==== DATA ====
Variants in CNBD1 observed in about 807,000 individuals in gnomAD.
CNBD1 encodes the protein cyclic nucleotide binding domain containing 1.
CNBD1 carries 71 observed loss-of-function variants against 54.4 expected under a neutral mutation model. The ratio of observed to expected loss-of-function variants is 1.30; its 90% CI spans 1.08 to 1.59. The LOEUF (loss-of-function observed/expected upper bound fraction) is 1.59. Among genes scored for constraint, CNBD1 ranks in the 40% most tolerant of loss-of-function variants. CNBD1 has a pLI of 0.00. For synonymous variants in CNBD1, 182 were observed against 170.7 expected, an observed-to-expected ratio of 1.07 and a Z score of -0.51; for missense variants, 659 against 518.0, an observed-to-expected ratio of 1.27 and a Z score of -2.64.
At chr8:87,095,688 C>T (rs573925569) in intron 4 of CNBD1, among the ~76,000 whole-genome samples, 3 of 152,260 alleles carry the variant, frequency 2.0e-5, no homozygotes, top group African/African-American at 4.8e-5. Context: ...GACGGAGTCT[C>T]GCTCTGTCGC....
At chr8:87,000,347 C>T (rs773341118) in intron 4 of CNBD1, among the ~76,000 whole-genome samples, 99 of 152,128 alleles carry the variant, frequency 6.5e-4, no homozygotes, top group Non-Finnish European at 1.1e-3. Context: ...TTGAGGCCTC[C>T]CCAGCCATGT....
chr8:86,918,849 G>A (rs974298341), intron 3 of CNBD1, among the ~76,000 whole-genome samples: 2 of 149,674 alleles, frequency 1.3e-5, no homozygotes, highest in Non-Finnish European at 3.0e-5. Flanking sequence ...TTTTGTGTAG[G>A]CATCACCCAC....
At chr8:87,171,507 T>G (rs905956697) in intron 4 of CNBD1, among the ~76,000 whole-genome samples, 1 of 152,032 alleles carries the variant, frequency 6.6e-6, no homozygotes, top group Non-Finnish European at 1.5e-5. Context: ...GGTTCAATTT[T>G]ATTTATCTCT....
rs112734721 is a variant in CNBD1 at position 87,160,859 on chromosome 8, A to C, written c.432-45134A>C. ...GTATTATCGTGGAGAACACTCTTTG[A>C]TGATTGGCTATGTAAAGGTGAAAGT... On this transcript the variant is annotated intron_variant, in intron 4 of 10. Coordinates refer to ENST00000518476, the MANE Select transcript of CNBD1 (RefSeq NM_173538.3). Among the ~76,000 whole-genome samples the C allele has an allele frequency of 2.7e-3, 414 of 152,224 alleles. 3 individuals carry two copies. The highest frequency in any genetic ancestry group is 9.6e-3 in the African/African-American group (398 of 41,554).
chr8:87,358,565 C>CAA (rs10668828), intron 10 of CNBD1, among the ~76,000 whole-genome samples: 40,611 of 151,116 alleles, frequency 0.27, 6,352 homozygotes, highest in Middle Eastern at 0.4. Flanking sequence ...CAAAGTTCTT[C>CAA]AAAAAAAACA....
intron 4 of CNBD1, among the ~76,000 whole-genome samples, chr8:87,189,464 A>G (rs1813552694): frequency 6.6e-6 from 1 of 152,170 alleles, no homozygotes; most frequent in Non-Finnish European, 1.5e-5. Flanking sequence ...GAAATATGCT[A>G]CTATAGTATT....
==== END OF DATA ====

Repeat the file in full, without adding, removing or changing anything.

Variants in CNBD1 observed in about 807,000 individuals in gnomAD.
CNBD1 encodes the protein cyclic nucleotide binding domain containing 1.
CNBD1 carries 71 observed loss-of-function variants against 54.4 expected under a neutral mutation model. The ratio of observed to expected loss-of-function variants is 1.30; its 90% CI spans 1.08 to 1.59. The LOEUF (loss-of-function observed/expected upper bound fraction) is 1.59. Among genes scored for constraint, CNBD1 ranks in the 40% most tolerant of loss-of-function variants. CNBD1 has a pLI of 0.00. For synonymous variants in CNBD1, 182 were observed against 170.7 expected, an observed-to-expected ratio of 1.07 and a Z score of -0.51; for missense variants, 659 against 518.0, an observed-to-expected ratio of 1.27 and a Z score of -2.64.
At chr8:87,095,688 C>T (rs573925569) in intron 4 of CNBD1, among the ~76,000 whole-genome samples, 3 of 152,260 alleles carry the variant, frequency 2.0e-5, no homozygotes, top group African/African-American at 4.8e-5. Context: ...GACGGAGTCT[C>T]GCTCTGTCGC....
At chr8:87,000,347 C>T (rs773341118) in intron 4 of CNBD1, among the ~76,000 whole-genome samples, 99 of 152,128 alleles carry the variant, frequency 6.5e-4, no homozygotes, top group Non-Finnish European at 1.1e-3. Context: ...TTGAGGCCTC[C>T]CCAGCCATGT....
chr8:86,918,849 G>A (rs974298341), intron 3 of CNBD1, among the ~76,000 whole-genome samples: 2 of 149,674 alleles, frequency 1.3e-5, no homozygotes, highest in Non-Finnish European at 3.0e-5. Flanking sequence ...TTTTGTGTAG[G>A]CATCACCCAC....
At chr8:87,171,507 T>G (rs905956697) in intron 4 of CNBD1, among the ~76,000 whole-genome samples, 1 of 152,032 alleles carries the variant, frequency 6.6e-6, no homozygotes, top group Non-Finnish European at 1.5e-5. Context: ...GGTTCAATTT[T>G]ATTTATCTCT....
rs112734721 is a variant in CNBD1 at position 87,160,859 on chromosome 8, A to C, written c.432-45134A>C. ...GTATTATCGTGGAGAACACTCTTTG[A>C]TGATTGGCTATGTAAAGGTGAAAGT... On this transcript the variant is annotated intron_variant, in intron 4 of 10. Coordinates refer to ENST00000518476, the MANE Select transcript of CNBD1 (RefSeq NM_173538.3). Among the ~76,000 whole-genome samples the C allele has an allele frequency of 2.7e-3, 414 of 152,224 alleles. 3 individuals carry two copies. The highest frequency in any genetic ancestry group is 9.6e-3 in the African/African-American group (398 of 41,554).
chr8:87,358,565 C>CAA (rs10668828), intron 10 of CNBD1, among the ~76,000 whole-genome samples: 40,611 of 151,116 alleles, frequency 0.27, 6,352 homozygotes, highest in Middle Eastern at 0.4. Flanking sequence ...CAAAGTTCTT[C>CAA]AAAAAAAACA....
intron 4 of CNBD1, among the ~76,000 whole-genome samples, chr8:87,189,464 A>G (rs1813552694): frequency 6.6e-6 from 1 of 152,170 alleles, no homozygotes; most frequent in Non-Finnish European, 1.5e-5. Flanking sequence ...GAAATATGCT[A>G]CTATAGTATT....